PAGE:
Five Reasons to Attend Cochon555’s Heritage Fire

It’s more than just pork — this year, there’s even ramen.

(Max Flatow Photography & COCHON555)

While pork fans are rejoicing, Cochon 555’s Heritage Fire showcases heritage breeds from other animals, including cows, goats, chickens, rabbits, lamb and more. This year’s event returns to Charles Krug Winery in Napa on Sunday, Aug. 27 from 4 to 7:30 pm, with more than 50 notable chefs and butchers, each grilling heritage-breed animals against the bucolic landscape.

Wines from boutique producers, craft beers, and small-batch artisan ciders as well as a wide range of artisanal charcuterie, farm-house cheeses, ramen, oyster and other culinary varieties will be available to event attendees. And it’s for a good cause, as a portion of all sales benefit the Piggy Bank Charity.

SF Weekly met up with some of the Cochon 555 organizers and chefs to gain better insight. Here are the five best reasons to attend.

(Max Flatow Photography & COCHON555)

How the food is prepared
“Not only do the chefs cook everything over outdoor wood fires, they build their cooking apparatus themselves from a mix of cinder blocks, sheet metal, cast iron, and spool of every size and shape,” says Robert McKeown, Communications Director for Cochon555 and Piggy Bank. “This gives the event an ancient, connective quality to the way people have cooked for centuries. It’s the smoke-kissed cuisine of true community.”

What’s being poured this year
Cochon Heritage features not merely wines, but craft beers, wine-inspired cocktails, and artisanal ciders.

“From highly allocated Pinots from Kosta Browne to the innovative wines from ex-college Professor, winemaker Abe Schoener of Scholium Project, to Syrahs from Qupe and Pax and the famed Cabernet of Silver Oak, there are 50-plus different wines,” McKeown explains.

Learning about heritage breeds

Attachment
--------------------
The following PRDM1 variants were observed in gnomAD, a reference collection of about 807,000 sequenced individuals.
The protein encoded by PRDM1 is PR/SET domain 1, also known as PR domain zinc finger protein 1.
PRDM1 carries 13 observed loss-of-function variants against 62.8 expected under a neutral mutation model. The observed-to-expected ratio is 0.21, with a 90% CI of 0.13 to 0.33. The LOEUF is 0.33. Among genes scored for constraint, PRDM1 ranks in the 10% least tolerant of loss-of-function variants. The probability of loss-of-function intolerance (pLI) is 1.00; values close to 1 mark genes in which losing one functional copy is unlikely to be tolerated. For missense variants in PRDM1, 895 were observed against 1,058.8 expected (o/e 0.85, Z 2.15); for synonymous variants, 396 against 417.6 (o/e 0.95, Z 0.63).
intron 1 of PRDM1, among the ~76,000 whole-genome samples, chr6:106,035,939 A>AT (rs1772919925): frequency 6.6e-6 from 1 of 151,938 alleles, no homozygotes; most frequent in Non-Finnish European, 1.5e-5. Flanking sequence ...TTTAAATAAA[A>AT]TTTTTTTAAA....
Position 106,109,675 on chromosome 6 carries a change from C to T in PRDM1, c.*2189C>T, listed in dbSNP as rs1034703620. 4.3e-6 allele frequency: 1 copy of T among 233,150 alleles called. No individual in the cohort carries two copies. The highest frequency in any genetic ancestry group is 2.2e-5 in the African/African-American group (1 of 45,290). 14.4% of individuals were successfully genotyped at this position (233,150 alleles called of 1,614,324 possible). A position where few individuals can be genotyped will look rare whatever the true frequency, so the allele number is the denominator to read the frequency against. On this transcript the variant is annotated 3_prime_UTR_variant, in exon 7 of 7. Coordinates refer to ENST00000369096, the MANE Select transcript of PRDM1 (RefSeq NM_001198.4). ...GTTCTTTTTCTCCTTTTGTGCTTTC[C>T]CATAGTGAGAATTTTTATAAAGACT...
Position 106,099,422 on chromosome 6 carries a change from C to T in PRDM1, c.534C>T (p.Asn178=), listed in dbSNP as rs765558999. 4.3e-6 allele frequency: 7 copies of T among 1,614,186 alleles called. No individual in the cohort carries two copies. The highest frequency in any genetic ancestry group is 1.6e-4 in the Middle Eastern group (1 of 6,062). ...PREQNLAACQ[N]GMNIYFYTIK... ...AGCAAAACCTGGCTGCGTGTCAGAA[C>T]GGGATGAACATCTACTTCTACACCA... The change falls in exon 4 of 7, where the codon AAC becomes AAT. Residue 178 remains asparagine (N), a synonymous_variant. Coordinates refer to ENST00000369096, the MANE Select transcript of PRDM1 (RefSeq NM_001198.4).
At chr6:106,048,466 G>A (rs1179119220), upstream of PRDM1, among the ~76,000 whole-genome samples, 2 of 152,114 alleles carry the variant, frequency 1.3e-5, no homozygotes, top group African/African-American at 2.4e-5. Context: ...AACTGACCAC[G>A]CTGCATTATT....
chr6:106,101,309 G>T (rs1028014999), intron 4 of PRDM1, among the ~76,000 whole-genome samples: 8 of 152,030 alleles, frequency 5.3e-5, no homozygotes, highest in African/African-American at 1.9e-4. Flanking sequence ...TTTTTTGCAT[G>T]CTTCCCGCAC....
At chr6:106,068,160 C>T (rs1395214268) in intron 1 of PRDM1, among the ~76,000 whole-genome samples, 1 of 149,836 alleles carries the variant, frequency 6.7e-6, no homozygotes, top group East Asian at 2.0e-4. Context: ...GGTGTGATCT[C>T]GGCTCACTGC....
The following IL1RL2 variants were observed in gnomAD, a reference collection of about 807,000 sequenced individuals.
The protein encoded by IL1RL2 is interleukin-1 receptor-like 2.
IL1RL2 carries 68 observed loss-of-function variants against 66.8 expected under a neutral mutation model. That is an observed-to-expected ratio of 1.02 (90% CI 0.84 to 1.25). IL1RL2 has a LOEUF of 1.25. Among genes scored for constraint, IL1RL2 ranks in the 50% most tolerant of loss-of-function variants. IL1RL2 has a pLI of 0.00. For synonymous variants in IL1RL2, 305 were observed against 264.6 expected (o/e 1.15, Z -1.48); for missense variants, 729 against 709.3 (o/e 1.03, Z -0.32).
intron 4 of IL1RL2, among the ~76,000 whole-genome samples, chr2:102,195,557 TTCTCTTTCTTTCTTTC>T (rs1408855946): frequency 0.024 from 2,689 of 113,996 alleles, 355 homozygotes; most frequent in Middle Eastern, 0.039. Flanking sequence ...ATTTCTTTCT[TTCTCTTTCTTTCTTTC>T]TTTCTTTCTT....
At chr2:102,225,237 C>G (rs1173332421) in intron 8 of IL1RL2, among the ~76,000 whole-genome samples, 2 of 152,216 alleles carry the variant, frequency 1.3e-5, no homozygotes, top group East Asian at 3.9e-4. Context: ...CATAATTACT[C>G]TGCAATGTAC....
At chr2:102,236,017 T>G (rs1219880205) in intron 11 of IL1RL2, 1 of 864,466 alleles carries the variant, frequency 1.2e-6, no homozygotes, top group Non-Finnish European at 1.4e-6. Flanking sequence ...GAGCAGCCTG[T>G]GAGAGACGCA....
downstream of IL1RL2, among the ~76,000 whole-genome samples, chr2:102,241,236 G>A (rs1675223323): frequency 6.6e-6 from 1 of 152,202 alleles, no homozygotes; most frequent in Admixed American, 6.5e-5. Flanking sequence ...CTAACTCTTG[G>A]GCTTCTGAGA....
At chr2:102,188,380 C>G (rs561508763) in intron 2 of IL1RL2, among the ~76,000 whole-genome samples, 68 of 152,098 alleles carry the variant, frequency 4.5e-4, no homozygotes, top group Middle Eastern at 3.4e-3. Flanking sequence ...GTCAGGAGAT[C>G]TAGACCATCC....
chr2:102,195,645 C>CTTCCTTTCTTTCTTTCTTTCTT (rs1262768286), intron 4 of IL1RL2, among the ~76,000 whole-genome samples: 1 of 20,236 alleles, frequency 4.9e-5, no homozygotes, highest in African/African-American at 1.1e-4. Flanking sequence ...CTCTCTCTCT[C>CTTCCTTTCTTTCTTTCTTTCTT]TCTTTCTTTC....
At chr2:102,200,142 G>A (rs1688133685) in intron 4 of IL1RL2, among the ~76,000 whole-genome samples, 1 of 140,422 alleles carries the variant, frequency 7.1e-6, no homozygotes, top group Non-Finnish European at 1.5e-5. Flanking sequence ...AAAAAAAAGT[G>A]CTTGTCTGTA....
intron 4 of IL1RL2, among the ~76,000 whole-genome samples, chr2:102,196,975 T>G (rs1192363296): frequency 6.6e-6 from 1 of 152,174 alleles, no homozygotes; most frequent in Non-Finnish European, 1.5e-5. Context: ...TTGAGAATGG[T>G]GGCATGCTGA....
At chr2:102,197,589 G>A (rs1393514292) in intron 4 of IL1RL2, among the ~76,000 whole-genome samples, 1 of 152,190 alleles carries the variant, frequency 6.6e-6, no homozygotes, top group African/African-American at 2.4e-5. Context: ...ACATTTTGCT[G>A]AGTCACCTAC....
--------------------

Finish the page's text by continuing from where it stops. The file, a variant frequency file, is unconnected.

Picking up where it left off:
What exactly is a “heritage breed”? McKeown informs us that they’re “the original, historical types of animals that came to our country with pure bloodlines and unique tastes decades and centuries ago. Heritage Fire is like a Noah’s Ark of live-fire cooking, celebrating the specific depth of flavors that only comes from raising these breeds sustainably and responsibly and roasting them beautifully in open air.”

A portion of sales goes to Piggy Bank Charity
Piggy Bank is a Missouri farm-in-the-making that will serve as a genetic sanctuary for heritage breed pigs — and a safety net for family farms either starting out and struggling or simply in need,” McKeown says.

It’s not just pork
Not a fan of porcine dishes? No worries. Cochon Heritage Fire will feature, chickens, lambs, rabbits, ducks, clams, whole fishes, locally sourced vegetables, cheeses, fruits — and even ramen.

Chef Albert Ponzo of the Royal Hotel in Prince Edward County, Ontario is one of the event’s chefs and a member of Team Goat.

“We’re going to be creating a Sardinian-inspired goat dish and incorporating some fresh vegetables — done in a saddle-style of roasting,” says Ponzo, a two-year Heritage Fire chef veteran. “Goat, especially a suckling goat, has such wonderful aroma and characteristics.”

So get your tickets
Overall, this year’s Cochon is about variety and diversity. The special Saturday BESPOKE event’s goal is to bridge the gaps between food culture, hospitality and academia thus, making for an fascinating day-long food summit event before the Heritage Fire on Sunday. And organizers like McKeown celebrate the upcoming diversity of the Napa events.

“Every year, we more have more chef from different styles and cultural inspirations,” he says.

Heritage Fire Napa offers general admission and VIP on Sunday as well as tickets for the Bespoke special event on Saturday with a guided tasting and behind-the-scenes tour.

Heritage Fire by Cochon555Sunday, Aug. 27, 4 p.m., at Charles Krug Winery, 2800 Main St., St. Helena. $75-$400;


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